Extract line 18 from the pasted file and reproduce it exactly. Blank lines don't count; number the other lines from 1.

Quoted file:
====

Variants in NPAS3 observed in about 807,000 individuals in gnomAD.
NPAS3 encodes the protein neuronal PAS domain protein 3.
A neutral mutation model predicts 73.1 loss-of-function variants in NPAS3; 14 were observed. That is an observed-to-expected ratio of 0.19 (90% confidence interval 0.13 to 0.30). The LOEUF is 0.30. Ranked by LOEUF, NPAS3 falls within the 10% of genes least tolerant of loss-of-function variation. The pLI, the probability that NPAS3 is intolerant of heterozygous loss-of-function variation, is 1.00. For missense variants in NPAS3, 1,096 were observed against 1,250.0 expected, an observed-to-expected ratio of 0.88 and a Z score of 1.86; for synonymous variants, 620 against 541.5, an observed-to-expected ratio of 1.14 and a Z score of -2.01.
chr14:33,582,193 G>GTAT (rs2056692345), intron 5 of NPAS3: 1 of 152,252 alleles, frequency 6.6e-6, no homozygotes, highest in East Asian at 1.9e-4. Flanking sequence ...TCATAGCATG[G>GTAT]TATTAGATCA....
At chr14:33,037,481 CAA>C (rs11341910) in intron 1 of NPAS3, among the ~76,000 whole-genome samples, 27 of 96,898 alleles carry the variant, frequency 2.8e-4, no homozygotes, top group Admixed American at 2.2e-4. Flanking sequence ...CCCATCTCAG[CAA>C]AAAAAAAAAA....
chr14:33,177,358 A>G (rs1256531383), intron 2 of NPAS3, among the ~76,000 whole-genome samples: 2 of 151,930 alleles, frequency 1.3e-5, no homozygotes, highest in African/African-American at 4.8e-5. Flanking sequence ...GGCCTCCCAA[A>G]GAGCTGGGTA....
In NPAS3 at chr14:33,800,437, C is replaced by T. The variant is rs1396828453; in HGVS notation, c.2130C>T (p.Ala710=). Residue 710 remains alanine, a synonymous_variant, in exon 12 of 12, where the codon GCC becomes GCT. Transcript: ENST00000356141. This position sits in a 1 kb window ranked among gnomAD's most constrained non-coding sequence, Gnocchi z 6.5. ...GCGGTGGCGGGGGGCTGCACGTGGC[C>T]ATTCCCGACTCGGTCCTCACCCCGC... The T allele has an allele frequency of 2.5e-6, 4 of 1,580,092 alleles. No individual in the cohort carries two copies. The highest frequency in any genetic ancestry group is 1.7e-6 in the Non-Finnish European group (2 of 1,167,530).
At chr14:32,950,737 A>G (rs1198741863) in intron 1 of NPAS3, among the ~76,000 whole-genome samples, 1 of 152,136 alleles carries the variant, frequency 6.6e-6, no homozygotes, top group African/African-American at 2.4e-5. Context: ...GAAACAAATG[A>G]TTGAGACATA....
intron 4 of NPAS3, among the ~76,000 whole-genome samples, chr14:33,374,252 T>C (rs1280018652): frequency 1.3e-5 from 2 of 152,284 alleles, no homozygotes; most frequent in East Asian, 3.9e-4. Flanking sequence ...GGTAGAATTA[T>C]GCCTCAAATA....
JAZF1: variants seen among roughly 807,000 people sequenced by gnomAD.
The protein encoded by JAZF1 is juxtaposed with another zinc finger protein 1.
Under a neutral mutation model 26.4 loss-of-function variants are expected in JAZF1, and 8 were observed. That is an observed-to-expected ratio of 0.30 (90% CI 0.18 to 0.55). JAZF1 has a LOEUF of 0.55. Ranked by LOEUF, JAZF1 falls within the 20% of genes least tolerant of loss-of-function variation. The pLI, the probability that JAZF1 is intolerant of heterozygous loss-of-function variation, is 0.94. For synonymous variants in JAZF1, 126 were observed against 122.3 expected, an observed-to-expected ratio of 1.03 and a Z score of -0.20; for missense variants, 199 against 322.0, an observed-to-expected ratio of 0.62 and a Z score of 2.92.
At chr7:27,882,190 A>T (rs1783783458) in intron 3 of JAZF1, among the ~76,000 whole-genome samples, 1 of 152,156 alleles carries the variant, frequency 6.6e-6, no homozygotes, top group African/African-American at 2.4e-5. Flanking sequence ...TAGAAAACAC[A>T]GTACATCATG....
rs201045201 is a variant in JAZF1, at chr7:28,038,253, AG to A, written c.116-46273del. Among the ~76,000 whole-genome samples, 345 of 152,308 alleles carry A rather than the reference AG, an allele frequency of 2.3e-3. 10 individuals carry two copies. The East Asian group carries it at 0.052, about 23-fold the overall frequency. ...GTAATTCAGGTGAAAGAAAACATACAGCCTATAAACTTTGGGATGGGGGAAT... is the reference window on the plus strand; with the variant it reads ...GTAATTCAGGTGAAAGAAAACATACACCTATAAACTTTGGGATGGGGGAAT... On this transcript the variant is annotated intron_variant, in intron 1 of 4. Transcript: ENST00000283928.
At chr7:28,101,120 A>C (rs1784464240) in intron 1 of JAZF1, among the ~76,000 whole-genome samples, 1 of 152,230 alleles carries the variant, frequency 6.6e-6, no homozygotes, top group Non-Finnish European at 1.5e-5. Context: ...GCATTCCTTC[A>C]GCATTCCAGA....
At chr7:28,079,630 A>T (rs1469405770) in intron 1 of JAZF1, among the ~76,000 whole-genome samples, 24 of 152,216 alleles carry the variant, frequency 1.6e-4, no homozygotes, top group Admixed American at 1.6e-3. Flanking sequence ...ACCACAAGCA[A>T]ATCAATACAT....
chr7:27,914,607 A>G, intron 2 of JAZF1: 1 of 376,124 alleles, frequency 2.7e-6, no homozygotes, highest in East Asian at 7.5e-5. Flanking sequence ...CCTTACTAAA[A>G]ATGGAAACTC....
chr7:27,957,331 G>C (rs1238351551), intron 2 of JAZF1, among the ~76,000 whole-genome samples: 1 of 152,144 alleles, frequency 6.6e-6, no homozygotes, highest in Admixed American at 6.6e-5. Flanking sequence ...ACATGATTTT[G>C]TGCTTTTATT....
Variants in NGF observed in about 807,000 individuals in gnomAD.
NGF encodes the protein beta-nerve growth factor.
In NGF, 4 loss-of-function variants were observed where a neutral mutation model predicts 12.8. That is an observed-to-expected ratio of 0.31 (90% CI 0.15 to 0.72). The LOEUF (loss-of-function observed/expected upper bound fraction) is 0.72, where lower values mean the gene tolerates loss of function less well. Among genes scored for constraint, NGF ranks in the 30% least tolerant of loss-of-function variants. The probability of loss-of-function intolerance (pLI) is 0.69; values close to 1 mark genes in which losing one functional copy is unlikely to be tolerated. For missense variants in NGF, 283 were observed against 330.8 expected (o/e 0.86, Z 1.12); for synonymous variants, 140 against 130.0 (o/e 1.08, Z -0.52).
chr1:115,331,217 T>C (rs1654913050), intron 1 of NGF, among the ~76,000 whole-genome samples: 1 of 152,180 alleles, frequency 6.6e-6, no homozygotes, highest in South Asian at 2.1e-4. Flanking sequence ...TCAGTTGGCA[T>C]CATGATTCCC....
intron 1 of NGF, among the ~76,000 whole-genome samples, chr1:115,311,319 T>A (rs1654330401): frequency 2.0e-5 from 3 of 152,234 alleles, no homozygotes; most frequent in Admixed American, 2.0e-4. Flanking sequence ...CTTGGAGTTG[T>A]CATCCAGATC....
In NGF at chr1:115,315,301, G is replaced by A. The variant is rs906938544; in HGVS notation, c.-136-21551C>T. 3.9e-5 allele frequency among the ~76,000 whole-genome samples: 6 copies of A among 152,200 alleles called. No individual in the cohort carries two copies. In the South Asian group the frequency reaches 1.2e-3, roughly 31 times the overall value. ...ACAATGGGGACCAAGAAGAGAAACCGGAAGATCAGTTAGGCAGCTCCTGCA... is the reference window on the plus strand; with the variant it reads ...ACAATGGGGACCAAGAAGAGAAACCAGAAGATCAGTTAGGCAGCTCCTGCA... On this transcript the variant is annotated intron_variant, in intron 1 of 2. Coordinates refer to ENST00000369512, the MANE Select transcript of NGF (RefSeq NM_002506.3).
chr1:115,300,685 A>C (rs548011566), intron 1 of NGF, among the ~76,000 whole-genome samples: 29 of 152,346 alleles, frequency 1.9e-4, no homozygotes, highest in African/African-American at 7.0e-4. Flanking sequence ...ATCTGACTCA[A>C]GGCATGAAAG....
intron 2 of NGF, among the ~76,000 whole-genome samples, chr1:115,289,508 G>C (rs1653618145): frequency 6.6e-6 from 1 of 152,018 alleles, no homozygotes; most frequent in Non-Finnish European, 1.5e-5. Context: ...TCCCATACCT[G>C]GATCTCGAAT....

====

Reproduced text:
chr7:27,957,331 G>C (rs1238351551), intron 2 of JAZF1, among the ~76,000 whole-genome samples: 1 of 152,144 alleles, frequency 6.6e-6, no homozygotes, highest in Admixed American at 6.6e-5. Flanking sequence ...ACATGATTTT[G>C]TGCTTTTATT....